Sunday, September 19, 2021

EXPLAINER: Do 2 lawyers suing IATF have legal standing? 'If dolphins can sue, so can we.' Yet core legal issue is whether PB ordinance is superior to IATF/presidential order.

SunStar File/Google Maps

THE SITUATION. From the Capitol to the Senate and the House, along with public discussion in media and wherever else people talk with one another these pandemic days, the debate has finally gone to court.

Suing as taxpayers, Cebu-based lawyers Clarence Paul Oaminal and Valentino Bacalso, filed Monday, June 21, with the Cebu Regional Trial Court a petition to stop the enforcement of a 10-day quarantine for overseas Filipino workers (OFW) and returning overseas Filipinos (ROF). The lawyers ask for a temporary restraining order (TRO) and injunction against the national agency IATF that is enforcing the quarantine protocol.

If news reports are correct, despite the order of President Rodrigo Duterte for Cebu to obey the IATF guidelines, the Cebu protocol of test-upon-arrival and release-to-their-homes-in-three-days was still being enforced at the Mactan-Cebu International Airport, although the IATF rule of 10-day mandatory quarantine in a hotel has been reduced to seven days.

If anyone seeks a court order, it must be IATF as the Capitol protocol is reportedly the rule being enforced, not the national agency's guideline.

The lawyers' petition asks the court to suspend the IATF resolution on quarantine and issue ex parte TRO for a period of 72 hours while it conducts a summary hearing. There might be no more reason for that if it can be shown the Capitol protocol, not the IATF order, is being enforced at Mactan airport.

DOLPHINS' LAWYER. What quickly catches attention, aside from being linked to the current imbroglio over airport Covid-19 protocol, is that the lawyer of the two lawyers suing is the same Benjamin Cabrido who since 2007 had, among his clients, dolphins and sea mammals.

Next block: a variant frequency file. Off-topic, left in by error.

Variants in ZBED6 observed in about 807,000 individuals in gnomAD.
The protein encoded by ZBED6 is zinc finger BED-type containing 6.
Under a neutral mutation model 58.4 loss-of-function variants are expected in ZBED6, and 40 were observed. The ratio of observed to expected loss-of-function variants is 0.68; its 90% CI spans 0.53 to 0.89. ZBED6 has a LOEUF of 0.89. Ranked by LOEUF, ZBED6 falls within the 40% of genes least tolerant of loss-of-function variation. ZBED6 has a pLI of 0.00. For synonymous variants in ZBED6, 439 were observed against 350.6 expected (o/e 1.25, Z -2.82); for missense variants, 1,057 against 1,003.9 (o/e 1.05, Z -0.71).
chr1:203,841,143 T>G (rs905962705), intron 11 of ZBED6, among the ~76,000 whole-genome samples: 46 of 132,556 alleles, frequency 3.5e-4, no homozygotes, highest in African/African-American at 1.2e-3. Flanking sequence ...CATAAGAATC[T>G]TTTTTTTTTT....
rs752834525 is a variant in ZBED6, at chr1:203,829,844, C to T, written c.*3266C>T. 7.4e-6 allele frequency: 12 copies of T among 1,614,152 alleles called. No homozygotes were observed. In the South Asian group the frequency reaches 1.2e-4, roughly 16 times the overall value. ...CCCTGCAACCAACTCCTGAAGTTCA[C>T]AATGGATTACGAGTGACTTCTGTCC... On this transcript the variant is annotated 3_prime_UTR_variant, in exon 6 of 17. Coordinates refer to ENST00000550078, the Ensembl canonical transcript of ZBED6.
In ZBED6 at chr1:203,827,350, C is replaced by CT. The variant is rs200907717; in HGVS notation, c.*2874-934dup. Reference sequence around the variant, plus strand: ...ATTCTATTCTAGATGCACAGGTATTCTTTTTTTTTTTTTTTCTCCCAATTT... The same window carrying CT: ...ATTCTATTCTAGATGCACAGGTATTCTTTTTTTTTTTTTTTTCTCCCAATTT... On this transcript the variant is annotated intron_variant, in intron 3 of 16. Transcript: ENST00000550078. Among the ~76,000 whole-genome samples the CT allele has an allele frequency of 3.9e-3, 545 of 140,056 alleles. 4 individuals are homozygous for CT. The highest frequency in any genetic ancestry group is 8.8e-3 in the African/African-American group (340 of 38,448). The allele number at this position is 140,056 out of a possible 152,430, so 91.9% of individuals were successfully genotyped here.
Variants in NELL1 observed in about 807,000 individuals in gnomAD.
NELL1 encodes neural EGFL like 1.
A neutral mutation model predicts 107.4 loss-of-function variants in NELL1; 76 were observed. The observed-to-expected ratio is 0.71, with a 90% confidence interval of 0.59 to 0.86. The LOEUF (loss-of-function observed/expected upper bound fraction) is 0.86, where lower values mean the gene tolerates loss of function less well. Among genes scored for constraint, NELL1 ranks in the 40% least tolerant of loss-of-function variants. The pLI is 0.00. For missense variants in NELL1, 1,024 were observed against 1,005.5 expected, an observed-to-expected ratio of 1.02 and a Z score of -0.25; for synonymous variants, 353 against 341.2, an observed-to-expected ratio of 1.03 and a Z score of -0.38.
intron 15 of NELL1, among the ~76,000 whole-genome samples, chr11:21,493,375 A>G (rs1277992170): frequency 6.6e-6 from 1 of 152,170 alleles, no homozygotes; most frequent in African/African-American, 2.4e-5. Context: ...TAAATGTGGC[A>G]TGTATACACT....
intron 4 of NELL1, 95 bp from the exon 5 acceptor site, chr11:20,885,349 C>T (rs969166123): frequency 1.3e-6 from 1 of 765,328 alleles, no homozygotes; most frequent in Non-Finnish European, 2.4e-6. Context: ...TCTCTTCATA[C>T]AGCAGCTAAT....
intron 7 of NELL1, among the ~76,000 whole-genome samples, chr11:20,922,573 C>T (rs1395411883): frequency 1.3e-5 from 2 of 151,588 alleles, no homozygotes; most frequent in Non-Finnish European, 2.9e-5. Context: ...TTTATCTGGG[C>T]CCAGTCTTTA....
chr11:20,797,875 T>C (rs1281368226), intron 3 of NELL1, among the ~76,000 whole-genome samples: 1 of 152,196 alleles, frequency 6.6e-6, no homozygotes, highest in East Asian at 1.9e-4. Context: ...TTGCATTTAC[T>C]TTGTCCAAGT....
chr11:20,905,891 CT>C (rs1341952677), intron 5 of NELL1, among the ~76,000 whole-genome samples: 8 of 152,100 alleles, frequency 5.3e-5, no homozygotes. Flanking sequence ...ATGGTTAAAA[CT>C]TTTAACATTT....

In his most celebrated case, the Supreme Court on April 21, 2015 declared as unconstitutional and violation of law the oil exploration and exploitation of petroleum resources by Japanese firm Japex at Tanon Strait, located between the islands of Cebu and Negros. The case took eight years to resolve but it stopped the drilling in the area from 2007 to 2008, which allegedly damaged protected sea-life, fisherfolk livelihood, and habitat of dolphins and other marine species.

Environment lawyers Gloria Estenzo-Ramos and Liza Osorio joined Cabrido in filing the lawsuit way back on December 20, 2017. They were laughed at then. Dolphins, whales, and other sea animals could sue? They could, they did (with the human guardians) and won the lawsuit.

CORE COURT ISSUE that the two lawyers want the RTC to resolve is which government order or orders must prevail: Cebu Provincial Board Ordinance 2021-04 and Governor Gwendolyn Garcia's Executive Order #17? Or IATF's Resolution #114, providing among others for a seven-day mandatory stay in a regulated hotel to wait for the test on the seventh day. Atty. Cabrido was quoted as saying "the basis of the petition is the primacy of Cebu's ordinance."

A panel of medical and legal experts was to arrive in Cebu any day after Health Secretary Francisco Duque III Tuesday, June 15, accepted before the Senate committee on Covid-19 the governor's invitation for IATF to "revisit" with the PB the Cebu protocol.